United States District Court, E.D. Virginia, Alexandria Division
For Juan Antonio Pena-Torres, also known as C-Money, also known as Anthony, Defendant: Geremy C. Kamens, LEAD ATTORNEY, Office of Federal Public Defender, Alexandria, VA; Gul Raza Gharbieh, Office of the Federal Public Defender (Alexandria), Alexandria, VA.
For USA, Plaintiff: Catherine Sun Ahn, Christopher Van Horne, LEAD ATTORNEYS, U.S. Attorney's Office (Alexandria-NA), Alexandria, VA; Kimberly Riley Pedersen, LEAD ATTORNEY, Michael Rich, United States Attorney's Office, Alexandria, VA.
James C. Cacheris, UNITED STATES DISTRICT JUDGE.
This matter is before the Court on Defendant Juan Antonio Pena-Torres's (" Defendant's" ) Motion for Judgment of Acquittal pursuant to Rule 29 of the Federal Rules of Criminal Procedure. Previously, the Court granted the Defendant's motion as to Count Three, but reserved ruling as to Count Two, possession of a firearm in furtherance of a drug trafficking crime in violation of 18 U.S.C. § 924(c)(1)(A). After hearing argument of counsel and in consideration of the case law, the Court will also grant the Defendant's motion as to Count Two. Thus, for the following reasons Count Two will be dismissed.
The Defendant was charged in a superseding indictment with three counts: (1) distribution of cocaine, (2) possession of a firearm in furtherance of a drug trafficking crime, and (3) possession of a firearm with an altered or obliterated serial number. All counts allegedly stem from an encounter with an undercover law enforcement officer on August 15, 2013 in Prince William County, Virginia. After the close of the Government's case in chief, the Defendant moved for judgment of acquittal pursuant to Rule 29 as to Counts Two and Three.
II. Legal Standard
Under Rule 29 of the Federal Rules of Criminal Procedure, " [a]fter the government closes its evidence . . . the court on the defendant's motion must enter a judgment of acquittal of any offense for which the evidence is insufficient to sustain a conviction." The Court views " the evidence in a light most favorable to the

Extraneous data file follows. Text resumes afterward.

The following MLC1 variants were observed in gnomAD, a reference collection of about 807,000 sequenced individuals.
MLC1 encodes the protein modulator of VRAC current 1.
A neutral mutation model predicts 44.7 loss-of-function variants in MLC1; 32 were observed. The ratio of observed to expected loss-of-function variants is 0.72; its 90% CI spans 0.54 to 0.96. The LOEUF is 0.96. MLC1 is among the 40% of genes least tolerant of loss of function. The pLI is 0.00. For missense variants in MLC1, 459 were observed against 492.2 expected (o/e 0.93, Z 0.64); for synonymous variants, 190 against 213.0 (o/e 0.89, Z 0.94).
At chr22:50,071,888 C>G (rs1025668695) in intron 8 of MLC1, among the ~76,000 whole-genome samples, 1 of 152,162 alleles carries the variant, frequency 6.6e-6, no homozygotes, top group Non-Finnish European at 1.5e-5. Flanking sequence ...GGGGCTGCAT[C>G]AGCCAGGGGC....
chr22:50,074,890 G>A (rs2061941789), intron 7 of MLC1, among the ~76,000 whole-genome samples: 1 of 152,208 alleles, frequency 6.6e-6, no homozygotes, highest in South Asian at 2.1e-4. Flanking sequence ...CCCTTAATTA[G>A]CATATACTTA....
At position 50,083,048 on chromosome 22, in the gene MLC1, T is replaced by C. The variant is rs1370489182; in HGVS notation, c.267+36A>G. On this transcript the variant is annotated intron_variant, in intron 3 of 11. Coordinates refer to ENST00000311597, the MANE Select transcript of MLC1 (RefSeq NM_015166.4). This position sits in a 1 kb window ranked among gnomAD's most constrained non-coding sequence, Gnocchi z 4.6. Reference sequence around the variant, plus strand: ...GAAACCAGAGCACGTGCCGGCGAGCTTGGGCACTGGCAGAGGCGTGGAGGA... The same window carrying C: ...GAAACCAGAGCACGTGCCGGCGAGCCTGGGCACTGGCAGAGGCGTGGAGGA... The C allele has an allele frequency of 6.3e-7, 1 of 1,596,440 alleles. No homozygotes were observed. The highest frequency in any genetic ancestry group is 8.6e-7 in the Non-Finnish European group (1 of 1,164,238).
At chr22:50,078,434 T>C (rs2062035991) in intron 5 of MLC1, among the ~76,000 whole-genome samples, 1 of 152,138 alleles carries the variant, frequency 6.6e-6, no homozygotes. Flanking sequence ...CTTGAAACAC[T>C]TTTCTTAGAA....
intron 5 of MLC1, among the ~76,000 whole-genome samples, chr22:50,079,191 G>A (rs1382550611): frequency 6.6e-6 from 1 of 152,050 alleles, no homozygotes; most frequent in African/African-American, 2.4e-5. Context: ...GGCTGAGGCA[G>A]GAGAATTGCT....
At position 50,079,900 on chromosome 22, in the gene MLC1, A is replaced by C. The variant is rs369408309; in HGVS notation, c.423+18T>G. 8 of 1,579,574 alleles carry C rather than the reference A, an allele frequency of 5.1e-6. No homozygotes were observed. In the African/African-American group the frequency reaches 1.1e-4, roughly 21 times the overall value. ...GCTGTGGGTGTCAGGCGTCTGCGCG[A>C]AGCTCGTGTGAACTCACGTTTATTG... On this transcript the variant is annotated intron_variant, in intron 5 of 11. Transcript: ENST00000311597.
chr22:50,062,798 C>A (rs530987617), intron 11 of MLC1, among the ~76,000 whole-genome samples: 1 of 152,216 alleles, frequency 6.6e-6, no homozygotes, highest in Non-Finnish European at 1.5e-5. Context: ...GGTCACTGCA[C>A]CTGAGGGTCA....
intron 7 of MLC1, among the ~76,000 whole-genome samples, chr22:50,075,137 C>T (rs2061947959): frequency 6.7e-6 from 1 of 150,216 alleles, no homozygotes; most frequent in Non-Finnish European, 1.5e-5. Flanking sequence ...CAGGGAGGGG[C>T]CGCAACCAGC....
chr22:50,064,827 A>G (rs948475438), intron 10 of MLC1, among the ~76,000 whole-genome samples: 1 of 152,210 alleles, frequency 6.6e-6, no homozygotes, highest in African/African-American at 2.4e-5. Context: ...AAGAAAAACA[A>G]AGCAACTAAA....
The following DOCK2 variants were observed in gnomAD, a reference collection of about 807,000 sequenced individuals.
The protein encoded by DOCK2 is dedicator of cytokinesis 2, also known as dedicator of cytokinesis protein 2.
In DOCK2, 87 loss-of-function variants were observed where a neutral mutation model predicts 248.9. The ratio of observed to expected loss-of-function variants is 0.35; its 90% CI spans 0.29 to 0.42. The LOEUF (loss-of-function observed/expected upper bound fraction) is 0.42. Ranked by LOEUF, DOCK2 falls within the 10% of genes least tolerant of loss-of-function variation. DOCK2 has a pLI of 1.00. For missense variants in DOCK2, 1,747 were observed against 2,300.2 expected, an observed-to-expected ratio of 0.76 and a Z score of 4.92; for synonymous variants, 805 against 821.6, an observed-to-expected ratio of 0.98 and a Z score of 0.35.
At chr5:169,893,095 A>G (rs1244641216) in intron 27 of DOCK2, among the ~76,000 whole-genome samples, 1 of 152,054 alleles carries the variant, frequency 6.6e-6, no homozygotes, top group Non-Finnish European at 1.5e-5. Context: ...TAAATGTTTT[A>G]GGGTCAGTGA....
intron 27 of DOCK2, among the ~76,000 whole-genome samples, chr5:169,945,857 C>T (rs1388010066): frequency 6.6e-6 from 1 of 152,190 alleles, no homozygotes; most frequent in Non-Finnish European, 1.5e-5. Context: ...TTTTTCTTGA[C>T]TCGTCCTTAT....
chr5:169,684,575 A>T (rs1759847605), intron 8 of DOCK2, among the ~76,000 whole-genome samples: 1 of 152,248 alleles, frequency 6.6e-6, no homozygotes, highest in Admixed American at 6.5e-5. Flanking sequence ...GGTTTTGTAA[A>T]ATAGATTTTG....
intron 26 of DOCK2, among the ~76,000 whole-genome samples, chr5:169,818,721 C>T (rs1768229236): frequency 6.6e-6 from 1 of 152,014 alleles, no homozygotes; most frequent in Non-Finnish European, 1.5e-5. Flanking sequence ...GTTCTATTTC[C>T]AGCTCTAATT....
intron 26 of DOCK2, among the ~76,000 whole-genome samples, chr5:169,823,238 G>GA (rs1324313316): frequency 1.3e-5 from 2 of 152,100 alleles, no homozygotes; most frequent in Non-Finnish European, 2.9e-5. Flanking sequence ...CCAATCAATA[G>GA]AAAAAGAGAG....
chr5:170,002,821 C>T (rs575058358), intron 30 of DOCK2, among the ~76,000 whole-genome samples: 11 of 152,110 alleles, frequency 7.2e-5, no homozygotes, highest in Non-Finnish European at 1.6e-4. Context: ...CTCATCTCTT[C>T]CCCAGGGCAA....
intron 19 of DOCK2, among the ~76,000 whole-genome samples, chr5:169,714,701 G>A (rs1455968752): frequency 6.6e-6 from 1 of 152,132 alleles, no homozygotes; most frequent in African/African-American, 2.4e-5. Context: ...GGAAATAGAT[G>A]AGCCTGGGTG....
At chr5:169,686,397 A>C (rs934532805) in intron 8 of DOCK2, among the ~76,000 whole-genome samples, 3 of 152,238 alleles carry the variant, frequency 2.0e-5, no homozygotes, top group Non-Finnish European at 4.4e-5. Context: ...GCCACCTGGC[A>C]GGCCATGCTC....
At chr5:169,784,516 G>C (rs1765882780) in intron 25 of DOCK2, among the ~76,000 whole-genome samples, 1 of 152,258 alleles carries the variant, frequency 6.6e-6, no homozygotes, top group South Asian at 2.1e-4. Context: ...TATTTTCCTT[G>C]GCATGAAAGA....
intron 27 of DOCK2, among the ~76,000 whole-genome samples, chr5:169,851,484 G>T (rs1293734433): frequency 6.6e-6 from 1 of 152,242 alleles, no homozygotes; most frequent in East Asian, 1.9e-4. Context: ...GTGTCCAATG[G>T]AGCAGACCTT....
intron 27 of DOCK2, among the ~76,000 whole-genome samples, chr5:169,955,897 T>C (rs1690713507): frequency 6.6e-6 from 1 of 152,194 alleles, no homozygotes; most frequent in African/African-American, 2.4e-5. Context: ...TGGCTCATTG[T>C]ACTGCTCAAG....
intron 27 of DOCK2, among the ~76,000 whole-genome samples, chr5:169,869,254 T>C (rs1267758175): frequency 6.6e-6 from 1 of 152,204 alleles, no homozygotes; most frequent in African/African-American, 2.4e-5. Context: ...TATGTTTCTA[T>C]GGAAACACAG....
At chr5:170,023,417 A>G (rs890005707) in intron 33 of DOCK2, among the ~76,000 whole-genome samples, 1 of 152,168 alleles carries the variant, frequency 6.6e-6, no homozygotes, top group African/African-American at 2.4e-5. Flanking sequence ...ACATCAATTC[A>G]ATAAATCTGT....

prosecution, and inquire[s] whether a rational trier of fact could have found the essential elements of the charged offense beyond a reasonable doubt." United States v. Singh, 518 F.3d 236, 246 (4th Cir. 2008) (citation omitted). Any evidentiary and credibility conflicts must be left for the jury to decide. United States v. Beidler, 110 F.3d 1064, 1067 (4th Cir. 1997). But the charged offense will only remain if the Court finds there is " evidence that a reasonable finder of fact could accept as adequate and sufficient to support a conclusion of a defendant's guilt beyond a reasonable doubt." United States v. Bonner, 648 F.3d 209, 213 (4th Cir. 2011) (quoting United States v. Burgos, 94 F.3d 849, 862 (4th Cir. 1996) (en banc)).
Count Two of the superseding indictment charges the Defendant with possession of a firearm in furtherance of a drug trafficking crime, in violation of section 924(c)(1)(A) of Title 18 of the United States Code. In order to sustain its burden of proof as to Count Two, the Government must prove each of the following three essential elements beyond a reasonable doubt:
(1) The Defendant committed the crime of distribution of a controlled substance, as charged in Count One of ...